International arbitration and its exclusion from the Brussels regime Cover Image

International arbitration and its exclusion from the Brussels regime
International arbitration and its exclusion from the Brussels regime

Author(s): Hamed Alavi, Tatsiana Khamichonak
Subject(s): Law, Constitution, Jurisprudence, International Law
Published by: Societatea de Stiinte Juridice si Administrative
Keywords: international arbitration; litigation; the EU law; Brussels regulation; Brussels recast; K11; K20; K30

Summary/Abstract: The Brussels regime, which regulates the matters of transnational litigation excludes arbitration from its scope. Upon formation of the Brussels regime the existing instruments concerning arbitration - the United Nations Convention on Recognition and Enforcement of Foreign Arbitral Awards and the 1961 European Convention on International Commercial Arbitration - were believed to be sufficient. The original Brussels Convention 1968 on recognition and enforcement of judgments delivered in the courts of the EU Member States expressly provided for the exclusion of arbitration. The following Brussels I Regulation3 followed the trend and reinforced the exclusion of arbitration from their material scopes. The rationale for doing so was primarily the prevention of parallel proceedings and irreconcilable judgments. The arbitration exclusion from the Brussels regime has caused a fair amount of confusion, especially regarding the extent and limits of the exclusion. That is, whether the arbitration agreement, the arbitral award and its consequences are covered by the exclusion or they may fall under the scope of the Brussels regulation if they constitute only an incidental question to the main cause of action?4 The confusion was illustrated in the ECJ judgment West Tankers5, which generated negative feedback from the arbitration community and indicated the need for reform. The recently adopted Recast Regulation6 took it upon itself to clarify the relationship between arbitration and the EU regime of transnational litigation. The exclusion is reinforced yet again and its boundaries are specified in the Preamble. However, whether or not the concerns about the extent and objectives of arbitration exclusion have been at present eliminated, remains to be seen.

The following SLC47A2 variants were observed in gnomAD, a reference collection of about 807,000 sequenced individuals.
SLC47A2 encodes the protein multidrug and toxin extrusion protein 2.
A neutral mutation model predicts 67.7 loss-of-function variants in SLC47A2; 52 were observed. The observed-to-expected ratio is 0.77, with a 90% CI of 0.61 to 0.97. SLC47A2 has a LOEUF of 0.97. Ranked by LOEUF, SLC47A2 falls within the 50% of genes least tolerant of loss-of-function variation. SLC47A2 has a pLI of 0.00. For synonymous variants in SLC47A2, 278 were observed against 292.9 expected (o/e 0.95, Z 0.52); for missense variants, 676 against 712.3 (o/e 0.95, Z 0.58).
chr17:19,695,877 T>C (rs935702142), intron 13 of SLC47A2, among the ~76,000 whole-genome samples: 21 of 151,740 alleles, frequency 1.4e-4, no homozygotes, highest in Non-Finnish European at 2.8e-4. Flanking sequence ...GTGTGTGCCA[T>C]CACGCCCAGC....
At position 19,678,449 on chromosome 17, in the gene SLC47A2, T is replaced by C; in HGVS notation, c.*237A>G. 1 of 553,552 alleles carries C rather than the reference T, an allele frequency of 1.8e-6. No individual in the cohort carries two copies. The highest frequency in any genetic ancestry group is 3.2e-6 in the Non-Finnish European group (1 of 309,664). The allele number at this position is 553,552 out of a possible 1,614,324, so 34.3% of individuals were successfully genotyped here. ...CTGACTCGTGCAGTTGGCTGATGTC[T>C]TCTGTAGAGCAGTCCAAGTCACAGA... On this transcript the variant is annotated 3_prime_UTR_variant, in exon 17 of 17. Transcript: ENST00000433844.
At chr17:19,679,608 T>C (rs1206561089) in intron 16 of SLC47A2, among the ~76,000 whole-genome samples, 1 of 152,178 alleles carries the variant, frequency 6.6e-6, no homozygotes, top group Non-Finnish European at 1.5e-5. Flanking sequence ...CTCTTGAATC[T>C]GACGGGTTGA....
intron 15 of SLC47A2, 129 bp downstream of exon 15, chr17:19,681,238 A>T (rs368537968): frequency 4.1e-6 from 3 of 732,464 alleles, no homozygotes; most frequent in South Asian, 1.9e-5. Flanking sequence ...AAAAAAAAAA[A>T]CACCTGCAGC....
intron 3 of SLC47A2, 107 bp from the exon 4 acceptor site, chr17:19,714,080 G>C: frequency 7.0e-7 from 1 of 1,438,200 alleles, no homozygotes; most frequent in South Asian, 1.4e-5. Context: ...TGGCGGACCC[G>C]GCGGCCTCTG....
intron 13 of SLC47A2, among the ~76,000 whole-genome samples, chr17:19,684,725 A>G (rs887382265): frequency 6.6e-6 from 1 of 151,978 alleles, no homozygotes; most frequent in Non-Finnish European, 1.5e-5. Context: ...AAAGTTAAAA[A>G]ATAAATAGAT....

• Issue Year: 6/2016
  • Issue No: 11
  • Page Range: 7-26
  • Page Count: 20
  • Language: English